September 2011
Volume 11, Issue 11
Meeting Abstract  |   September 2011
Representational Momentum Varies Across Objects
Author Affiliations
  • Adam Doerrfeld
    Rutgers, the State University of New Jersey, Newark Campus
  • Maggie Shiffrar
    Rutgers, the State University of New Jersey, Newark Campus
Journal of Vision September 2011, Vol.11, 731. doi:10.1167/11.11.731
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      Adam Doerrfeld, Maggie Shiffrar; Representational Momentum Varies Across Objects. Journal of Vision 2011;11(11):731. doi: 10.1167/11.11.731.

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      © 2015 Association for Research in Vision and Ophthalmology.

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When objects undergo smooth or implied motion and unexpectedly vanish, observers report their vanishing point as farther along the motion trajectory than the actual vanishing point. This forward displacement is known as representational momentum (RM; Freyd & Finke, 1984). Two studies investigated whether and how stimulus type influences RM. If RM is due to a memory error, then the magnitude of RM should be unaffected by stimulus type. If RM reflects motor simulation or prediction, then stimuli that afford perception-action coupling should produce different RM patterns. In Experiment 1, 60 observers performed the standard representational momentum task with an arm, wrench, and rectangle. Trials were blocked by stimulus type in a within subjects design. On each trial, the stimulus underwent implied rotation around a central axis. 60 participants judged whether a subsequently presented probe was identical to the final stimulus view. Results show that, collapsed across stimulus type, RM increased across blocks. Further, the arm provided for the smallest RM, the rectangle most, and the wrench in between. This suggests that human movements may be differently treated by the visual system. Experiment 2 replicated the previous study but used an arm and a tree (a non-manipulable object) and stimulus type varied across subjects. Results show an interaction between stimulus type and block. Forward displacements for the arm decreased from Block 1 to Block 2, while forward displacements for the tree increased from Block 1 to Block 2. The results of these studies indicate that representational momentum varies across stimulus type. Future studies will examine alternative explanations such as the complexity of the image, attentional factors, meaningful vs. meaningless movement, and animacy vs. inanimacy.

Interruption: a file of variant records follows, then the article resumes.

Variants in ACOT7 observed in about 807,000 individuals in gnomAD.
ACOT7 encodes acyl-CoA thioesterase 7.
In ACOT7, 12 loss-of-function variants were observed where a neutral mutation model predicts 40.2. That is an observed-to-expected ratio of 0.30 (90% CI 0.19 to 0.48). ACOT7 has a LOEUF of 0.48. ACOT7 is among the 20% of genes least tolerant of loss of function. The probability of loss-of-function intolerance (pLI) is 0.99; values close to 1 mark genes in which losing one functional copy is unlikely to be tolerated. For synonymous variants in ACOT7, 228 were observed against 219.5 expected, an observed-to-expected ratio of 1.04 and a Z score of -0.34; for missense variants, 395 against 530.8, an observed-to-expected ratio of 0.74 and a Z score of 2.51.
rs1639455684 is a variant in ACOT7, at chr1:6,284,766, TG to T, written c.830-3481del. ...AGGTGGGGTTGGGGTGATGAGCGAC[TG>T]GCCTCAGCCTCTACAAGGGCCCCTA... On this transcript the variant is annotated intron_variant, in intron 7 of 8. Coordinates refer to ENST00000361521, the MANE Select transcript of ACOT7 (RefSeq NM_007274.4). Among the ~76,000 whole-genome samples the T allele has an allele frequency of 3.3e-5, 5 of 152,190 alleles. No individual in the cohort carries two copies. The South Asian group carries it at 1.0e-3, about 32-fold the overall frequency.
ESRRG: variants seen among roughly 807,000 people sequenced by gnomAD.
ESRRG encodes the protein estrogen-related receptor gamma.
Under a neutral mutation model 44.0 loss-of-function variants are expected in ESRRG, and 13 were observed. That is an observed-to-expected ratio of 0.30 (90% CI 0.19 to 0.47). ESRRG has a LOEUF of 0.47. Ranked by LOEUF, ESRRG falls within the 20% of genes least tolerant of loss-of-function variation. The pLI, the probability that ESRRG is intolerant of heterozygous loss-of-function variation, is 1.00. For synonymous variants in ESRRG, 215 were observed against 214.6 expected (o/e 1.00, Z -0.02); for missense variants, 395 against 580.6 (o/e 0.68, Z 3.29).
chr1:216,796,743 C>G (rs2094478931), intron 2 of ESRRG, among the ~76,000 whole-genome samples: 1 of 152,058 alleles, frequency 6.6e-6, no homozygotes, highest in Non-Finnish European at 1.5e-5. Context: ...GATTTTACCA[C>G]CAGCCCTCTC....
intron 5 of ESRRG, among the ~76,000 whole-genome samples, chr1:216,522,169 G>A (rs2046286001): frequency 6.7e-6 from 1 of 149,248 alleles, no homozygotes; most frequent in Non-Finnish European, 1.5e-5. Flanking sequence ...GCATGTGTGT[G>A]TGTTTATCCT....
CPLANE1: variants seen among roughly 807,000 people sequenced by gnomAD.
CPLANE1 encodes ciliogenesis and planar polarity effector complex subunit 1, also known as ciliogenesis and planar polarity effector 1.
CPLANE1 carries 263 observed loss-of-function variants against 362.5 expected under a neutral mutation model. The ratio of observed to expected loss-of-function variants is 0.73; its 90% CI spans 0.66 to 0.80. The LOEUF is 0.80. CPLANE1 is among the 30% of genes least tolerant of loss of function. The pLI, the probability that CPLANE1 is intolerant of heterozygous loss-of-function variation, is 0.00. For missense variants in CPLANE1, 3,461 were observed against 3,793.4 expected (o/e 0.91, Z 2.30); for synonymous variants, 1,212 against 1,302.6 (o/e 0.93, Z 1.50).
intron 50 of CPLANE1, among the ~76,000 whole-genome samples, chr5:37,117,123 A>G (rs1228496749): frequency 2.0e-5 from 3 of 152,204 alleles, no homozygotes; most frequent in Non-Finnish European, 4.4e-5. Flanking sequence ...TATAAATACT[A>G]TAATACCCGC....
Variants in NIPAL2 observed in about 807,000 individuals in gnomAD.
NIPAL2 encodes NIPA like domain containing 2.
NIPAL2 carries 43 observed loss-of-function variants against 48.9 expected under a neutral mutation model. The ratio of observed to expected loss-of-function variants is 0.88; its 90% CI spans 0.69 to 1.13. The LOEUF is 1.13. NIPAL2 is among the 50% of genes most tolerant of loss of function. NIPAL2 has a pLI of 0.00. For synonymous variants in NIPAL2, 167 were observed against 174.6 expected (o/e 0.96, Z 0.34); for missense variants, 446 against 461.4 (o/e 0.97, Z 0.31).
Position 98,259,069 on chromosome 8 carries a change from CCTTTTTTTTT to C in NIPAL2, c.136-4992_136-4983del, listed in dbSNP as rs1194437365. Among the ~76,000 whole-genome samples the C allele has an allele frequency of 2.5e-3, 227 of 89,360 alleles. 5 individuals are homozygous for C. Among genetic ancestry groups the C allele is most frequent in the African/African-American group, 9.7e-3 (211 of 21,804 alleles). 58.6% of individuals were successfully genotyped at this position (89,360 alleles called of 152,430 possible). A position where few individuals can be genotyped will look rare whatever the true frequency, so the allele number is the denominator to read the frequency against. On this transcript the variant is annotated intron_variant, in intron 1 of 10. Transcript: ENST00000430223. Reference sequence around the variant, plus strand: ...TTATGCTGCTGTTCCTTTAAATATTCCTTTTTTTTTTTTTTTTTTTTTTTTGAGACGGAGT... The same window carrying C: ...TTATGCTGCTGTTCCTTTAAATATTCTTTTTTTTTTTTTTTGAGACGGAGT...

New Jersey Governor's Council on Autism. 
© 2011 ARVO

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